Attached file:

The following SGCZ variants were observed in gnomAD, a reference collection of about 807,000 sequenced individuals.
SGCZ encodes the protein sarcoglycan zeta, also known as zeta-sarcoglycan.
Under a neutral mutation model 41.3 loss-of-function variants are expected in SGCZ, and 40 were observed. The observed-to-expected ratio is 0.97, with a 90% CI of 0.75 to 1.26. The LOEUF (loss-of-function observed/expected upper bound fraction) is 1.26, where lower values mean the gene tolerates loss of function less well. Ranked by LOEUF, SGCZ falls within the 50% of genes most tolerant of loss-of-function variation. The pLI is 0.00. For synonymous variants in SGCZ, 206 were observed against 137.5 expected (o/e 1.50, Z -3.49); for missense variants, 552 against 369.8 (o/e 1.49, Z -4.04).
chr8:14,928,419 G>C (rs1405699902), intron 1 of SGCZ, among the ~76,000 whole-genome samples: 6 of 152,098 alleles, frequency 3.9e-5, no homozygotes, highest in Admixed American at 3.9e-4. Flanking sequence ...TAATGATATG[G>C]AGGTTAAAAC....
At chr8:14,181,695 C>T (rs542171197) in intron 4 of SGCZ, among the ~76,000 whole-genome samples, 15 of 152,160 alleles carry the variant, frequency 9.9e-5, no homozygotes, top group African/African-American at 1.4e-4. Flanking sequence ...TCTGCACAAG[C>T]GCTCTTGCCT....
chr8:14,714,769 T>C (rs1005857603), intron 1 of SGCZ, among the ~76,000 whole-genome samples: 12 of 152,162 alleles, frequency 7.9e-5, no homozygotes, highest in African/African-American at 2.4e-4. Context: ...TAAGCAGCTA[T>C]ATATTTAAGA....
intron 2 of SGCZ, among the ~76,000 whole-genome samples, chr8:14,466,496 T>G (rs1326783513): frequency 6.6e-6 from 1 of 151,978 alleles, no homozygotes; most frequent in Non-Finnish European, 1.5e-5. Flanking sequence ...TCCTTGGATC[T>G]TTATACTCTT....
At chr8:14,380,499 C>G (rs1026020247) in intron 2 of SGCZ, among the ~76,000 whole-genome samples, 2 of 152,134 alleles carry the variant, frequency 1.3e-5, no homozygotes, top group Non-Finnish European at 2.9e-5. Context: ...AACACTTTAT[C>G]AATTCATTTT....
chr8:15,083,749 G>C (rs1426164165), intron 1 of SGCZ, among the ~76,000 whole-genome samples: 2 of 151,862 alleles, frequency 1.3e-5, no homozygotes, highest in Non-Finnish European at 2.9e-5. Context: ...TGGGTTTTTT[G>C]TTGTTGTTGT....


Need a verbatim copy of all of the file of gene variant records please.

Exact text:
The following SGCZ variants were observed in gnomAD, a reference collection of about 807,000 sequenced individuals.
SGCZ encodes the protein sarcoglycan zeta, also known as zeta-sarcoglycan.
Under a neutral mutation model 41.3 loss-of-function variants are expected in SGCZ, and 40 were observed. The observed-to-expected ratio is 0.97, with a 90% CI of 0.75 to 1.26. The LOEUF (loss-of-function observed/expected upper bound fraction) is 1.26, where lower values mean the gene tolerates loss of function less well. Ranked by LOEUF, SGCZ falls within the 50% of genes most tolerant of loss-of-function variation. The pLI is 0.00. For synonymous variants in SGCZ, 206 were observed against 137.5 expected (o/e 1.50, Z -3.49); for missense variants, 552 against 369.8 (o/e 1.49, Z -4.04).
chr8:14,928,419 G>C (rs1405699902), intron 1 of SGCZ, among the ~76,000 whole-genome samples: 6 of 152,098 alleles, frequency 3.9e-5, no homozygotes, highest in Admixed American at 3.9e-4. Flanking sequence ...TAATGATATG[G>C]AGGTTAAAAC....
At chr8:14,181,695 C>T (rs542171197) in intron 4 of SGCZ, among the ~76,000 whole-genome samples, 15 of 152,160 alleles carry the variant, frequency 9.9e-5, no homozygotes, top group African/African-American at 1.4e-4. Flanking sequence ...TCTGCACAAG[C>T]GCTCTTGCCT....
chr8:14,714,769 T>C (rs1005857603), intron 1 of SGCZ, among the ~76,000 whole-genome samples: 12 of 152,162 alleles, frequency 7.9e-5, no homozygotes, highest in African/African-American at 2.4e-4. Context: ...TAAGCAGCTA[T>C]ATATTTAAGA....
intron 2 of SGCZ, among the ~76,000 whole-genome samples, chr8:14,466,496 T>G (rs1326783513): frequency 6.6e-6 from 1 of 151,978 alleles, no homozygotes; most frequent in Non-Finnish European, 1.5e-5. Flanking sequence ...TCCTTGGATC[T>G]TTATACTCTT....
At chr8:14,380,499 C>G (rs1026020247) in intron 2 of SGCZ, among the ~76,000 whole-genome samples, 2 of 152,134 alleles carry the variant, frequency 1.3e-5, no homozygotes, top group Non-Finnish European at 2.9e-5. Context: ...AACACTTTAT[C>G]AATTCATTTT....
chr8:15,083,749 G>C (rs1426164165), intron 1 of SGCZ, among the ~76,000 whole-genome samples: 2 of 151,862 alleles, frequency 1.3e-5, no homozygotes, highest in Non-Finnish European at 2.9e-5. Context: ...TGGGTTTTTT[G>C]TTGTTGTTGT....